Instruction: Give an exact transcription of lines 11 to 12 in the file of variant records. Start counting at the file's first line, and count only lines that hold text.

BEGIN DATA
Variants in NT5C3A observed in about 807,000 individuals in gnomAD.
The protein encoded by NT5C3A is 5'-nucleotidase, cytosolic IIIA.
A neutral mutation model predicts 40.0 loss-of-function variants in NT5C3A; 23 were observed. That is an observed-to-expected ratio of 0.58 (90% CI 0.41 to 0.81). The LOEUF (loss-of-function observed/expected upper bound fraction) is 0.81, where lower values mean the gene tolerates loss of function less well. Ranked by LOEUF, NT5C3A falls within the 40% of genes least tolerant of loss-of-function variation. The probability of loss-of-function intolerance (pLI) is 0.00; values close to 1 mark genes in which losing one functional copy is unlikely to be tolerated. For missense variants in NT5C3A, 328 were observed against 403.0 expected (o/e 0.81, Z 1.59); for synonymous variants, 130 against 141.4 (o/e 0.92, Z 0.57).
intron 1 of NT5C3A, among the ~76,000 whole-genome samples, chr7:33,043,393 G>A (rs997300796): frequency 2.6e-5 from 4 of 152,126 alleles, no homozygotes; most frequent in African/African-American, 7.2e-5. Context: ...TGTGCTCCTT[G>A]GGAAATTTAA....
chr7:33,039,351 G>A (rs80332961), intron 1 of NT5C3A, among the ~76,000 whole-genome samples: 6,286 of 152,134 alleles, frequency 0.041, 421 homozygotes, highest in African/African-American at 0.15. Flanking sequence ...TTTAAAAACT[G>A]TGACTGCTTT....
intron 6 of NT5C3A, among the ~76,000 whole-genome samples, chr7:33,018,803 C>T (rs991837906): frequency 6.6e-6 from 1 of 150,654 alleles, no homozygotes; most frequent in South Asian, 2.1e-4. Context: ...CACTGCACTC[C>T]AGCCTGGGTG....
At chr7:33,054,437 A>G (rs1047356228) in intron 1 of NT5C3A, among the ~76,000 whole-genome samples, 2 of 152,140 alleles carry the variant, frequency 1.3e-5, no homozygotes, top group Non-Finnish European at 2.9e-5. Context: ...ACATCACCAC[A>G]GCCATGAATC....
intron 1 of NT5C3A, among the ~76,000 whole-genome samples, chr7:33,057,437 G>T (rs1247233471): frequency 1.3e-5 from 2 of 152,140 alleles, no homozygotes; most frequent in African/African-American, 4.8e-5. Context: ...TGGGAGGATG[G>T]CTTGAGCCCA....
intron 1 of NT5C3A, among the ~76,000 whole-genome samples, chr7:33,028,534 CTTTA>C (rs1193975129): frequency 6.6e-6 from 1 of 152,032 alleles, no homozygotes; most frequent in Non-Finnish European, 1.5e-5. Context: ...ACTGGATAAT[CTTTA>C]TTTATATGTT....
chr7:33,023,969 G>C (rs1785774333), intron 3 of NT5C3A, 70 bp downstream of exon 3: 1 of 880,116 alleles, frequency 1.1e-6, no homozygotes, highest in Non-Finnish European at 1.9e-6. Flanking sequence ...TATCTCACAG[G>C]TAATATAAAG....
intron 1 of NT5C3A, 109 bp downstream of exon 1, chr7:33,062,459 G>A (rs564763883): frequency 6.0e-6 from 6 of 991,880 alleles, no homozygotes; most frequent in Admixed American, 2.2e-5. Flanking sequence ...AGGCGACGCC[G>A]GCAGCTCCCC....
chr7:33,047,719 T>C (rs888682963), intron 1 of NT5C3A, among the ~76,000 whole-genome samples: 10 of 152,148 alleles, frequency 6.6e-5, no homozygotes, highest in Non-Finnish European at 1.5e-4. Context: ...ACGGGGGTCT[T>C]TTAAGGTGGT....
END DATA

intron 1 of NT5C3A, 109 bp downstream of exon 1, chr7:33,062,459 G>A (rs564763883): frequency 6.0e-6 from 6 of 991,880 alleles, no homozygotes; most frequent in Admixed American, 2.2e-5. Flanking sequence ...AGGCGACGCC[G>A]GCAGCTCCCC....
chr7:33,047,719 T>C (rs888682963), intron 1 of NT5C3A, among the ~76,000 whole-genome samples: 10 of 152,148 alleles, frequency 6.6e-5, no homozygotes, highest in Non-Finnish European at 1.5e-4. Context: ...ACGGGGGTCT[T>C]TTAAGGTGGT....